Pakistan’s relationship with the United States can’t get more transactional than the prolonged negotiations over restoration of the Pakistani supply route for NATO troops in Afghanistan.
Pakistan: Now or Never?
I have never read “Three Cups of Tea”, Greg Mortenson’s book about building schools in Afghanistan and Pakistan. I tried to read the sequel, “Stones into Schools” and gave up not too long after the point where he said that, “the solution to every problem … begins with drinking tea.” Having drunk tea in many parts of South Asia – sweet tea, salt tea, butter tea, tea that comes with the impossible-to-remove-with-dignity thick skin of milk tea – I can confidently say that statement does not reflect reality.
President Barack Obama’s words on relations with Pakistan were always going to be carefully scripted during his visit to India, where even to say the word “Kashmir” aloud in public can raise jitters about U.S. interference in what New Delhi sees as a bilateral dispute.
One of the things U.S. Secretary of State Hillary Clinton ran into last week during her trip to Pakistan was anger over attacks by unmanned “drone” aircraft inside Pakistan and along the border with Afghanistan.
For some weeks now there have been persistent reports about Taliban leader Mullah Omar, asking fighters in the Pakistani Taliban to stop carrying out attacks there and instead focus on Afghanistan where Western forces are being bolstered.
An overwhelming majority of Americans support President Barack Obama’s decision to deploy an additional 17,000 troops to Afghanistan, according to a Gallup poll this week. It said 65 percent approved the measure, with support among Republicans hitting 75 percent, making it one of the rare policy decisions where a president gets greater backing from those who identify with an opposing political party than his own.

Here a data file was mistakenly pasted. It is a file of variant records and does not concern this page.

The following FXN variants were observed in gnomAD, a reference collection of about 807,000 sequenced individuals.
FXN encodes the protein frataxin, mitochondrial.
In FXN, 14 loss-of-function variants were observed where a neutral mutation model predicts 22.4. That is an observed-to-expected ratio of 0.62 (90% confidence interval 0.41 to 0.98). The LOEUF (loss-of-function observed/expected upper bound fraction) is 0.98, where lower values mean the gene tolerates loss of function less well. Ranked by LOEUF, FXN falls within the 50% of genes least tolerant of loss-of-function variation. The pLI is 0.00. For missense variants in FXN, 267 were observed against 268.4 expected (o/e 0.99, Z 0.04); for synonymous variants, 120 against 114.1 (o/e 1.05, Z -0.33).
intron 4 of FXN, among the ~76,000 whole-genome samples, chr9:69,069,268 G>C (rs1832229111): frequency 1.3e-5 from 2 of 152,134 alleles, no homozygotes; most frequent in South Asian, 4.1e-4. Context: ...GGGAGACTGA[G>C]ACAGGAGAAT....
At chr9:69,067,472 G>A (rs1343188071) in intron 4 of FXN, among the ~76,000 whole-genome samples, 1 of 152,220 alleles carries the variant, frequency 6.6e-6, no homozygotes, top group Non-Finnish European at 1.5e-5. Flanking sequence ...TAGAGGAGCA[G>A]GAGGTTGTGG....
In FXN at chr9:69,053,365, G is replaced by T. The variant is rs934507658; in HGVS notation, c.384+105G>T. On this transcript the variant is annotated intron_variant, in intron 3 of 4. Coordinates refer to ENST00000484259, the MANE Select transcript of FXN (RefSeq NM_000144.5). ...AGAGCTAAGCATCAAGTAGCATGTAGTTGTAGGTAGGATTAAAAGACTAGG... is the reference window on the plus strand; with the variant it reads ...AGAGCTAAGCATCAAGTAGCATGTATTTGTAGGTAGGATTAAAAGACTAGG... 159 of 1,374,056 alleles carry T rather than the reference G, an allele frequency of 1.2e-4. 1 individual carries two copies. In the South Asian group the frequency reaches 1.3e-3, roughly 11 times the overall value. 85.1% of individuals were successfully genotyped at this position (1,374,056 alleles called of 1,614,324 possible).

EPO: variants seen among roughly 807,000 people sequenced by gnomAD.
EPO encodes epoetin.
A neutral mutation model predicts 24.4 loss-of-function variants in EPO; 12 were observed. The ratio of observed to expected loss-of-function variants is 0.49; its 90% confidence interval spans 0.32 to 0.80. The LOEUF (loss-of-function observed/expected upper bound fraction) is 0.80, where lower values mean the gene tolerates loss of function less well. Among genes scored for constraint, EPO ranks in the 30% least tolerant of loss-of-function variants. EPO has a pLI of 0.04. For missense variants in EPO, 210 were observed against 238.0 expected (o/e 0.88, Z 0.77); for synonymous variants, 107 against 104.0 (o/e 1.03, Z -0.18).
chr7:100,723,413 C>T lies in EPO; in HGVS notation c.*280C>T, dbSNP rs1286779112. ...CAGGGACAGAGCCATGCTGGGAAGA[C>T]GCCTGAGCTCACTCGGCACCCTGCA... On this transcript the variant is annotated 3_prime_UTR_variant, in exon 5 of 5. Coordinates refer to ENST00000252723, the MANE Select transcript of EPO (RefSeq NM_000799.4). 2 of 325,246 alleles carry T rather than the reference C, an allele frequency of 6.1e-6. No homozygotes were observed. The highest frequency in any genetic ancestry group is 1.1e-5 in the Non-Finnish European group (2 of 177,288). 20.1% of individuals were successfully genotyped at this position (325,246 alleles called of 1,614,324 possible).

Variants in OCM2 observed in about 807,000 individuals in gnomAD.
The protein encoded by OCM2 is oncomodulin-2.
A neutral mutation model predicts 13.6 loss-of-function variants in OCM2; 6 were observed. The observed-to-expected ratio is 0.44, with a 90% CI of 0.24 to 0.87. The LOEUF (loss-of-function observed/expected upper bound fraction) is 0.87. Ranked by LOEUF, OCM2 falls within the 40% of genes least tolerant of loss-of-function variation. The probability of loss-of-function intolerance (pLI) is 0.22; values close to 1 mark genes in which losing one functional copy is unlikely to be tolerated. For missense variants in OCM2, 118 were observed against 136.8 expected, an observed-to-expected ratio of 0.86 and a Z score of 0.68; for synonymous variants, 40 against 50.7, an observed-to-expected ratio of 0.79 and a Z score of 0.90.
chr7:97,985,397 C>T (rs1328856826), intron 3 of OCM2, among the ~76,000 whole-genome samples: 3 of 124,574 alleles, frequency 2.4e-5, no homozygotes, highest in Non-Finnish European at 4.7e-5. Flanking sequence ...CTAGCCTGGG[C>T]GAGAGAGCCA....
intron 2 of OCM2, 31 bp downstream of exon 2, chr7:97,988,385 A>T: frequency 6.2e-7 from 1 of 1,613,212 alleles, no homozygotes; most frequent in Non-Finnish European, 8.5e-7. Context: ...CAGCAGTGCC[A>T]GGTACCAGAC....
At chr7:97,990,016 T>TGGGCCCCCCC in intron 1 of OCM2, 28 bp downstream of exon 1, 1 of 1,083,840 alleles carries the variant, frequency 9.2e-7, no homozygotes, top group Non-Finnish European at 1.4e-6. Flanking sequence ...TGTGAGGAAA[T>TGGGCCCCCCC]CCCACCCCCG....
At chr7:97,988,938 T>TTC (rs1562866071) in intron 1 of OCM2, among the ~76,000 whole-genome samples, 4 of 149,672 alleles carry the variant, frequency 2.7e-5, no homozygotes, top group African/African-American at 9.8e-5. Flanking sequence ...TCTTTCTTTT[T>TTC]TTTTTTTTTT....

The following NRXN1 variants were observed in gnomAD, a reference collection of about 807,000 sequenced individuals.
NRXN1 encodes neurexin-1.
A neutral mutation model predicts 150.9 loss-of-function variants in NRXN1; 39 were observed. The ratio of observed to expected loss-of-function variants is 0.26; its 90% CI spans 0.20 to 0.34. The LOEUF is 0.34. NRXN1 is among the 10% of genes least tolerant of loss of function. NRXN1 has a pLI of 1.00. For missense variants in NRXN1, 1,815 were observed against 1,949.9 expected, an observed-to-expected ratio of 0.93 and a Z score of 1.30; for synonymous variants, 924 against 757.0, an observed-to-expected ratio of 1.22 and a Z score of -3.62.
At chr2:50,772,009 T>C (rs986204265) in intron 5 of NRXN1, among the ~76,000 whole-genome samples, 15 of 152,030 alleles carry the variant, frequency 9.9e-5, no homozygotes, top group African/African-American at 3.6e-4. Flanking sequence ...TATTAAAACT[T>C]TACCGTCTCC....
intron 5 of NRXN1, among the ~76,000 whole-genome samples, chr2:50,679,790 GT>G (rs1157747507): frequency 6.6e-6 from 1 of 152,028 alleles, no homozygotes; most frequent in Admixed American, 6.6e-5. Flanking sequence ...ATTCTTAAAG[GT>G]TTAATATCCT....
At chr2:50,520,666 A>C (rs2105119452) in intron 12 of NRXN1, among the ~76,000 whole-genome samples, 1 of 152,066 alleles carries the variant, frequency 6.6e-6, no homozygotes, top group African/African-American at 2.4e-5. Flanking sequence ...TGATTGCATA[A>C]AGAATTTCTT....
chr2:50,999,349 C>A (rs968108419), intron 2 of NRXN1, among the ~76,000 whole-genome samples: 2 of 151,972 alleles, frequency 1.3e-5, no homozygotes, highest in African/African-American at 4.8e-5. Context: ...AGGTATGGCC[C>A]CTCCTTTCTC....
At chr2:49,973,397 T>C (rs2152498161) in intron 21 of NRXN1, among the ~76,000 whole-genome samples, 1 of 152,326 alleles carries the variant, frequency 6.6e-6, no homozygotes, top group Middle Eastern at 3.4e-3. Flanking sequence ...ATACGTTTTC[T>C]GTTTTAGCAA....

U.S. missile strikes in Pakistan have killed more than 50 people in the past three days in what appears to be an escalation of the military campaign in the troubled region along the Afghan border, conducted largely by unmanned drone aircraft.
It's hard to write about the Taliban on a religion blog without giving the impression that this militant movement in Afghanistan and Pakistan is basically religious. It's certainly Islamist, i.e. it uses Islam for political ends. But it's hard to find much religion in what they're doing, while there's a lot of power politics, Pashtun nationalism and insurrection against the Kabul and Islamabad governments there.
President Barack Obama has just pledged to make a new start for United States relations with the Muslim world: "To the Muslim world, we seek a new way forward, based on mutual interest and mutual respect," he said in his inaugural address. "To those leaders around the globe who seek to sow conflict, or blame their society's ills on the West - know that your people will judge you on what you can build, not what you destroy. To those who cling to power through corruption and deceit and the silencing of dissent, know that you are on the wrong side of history; but that we will extend a hand if you are willing to unclench your fist."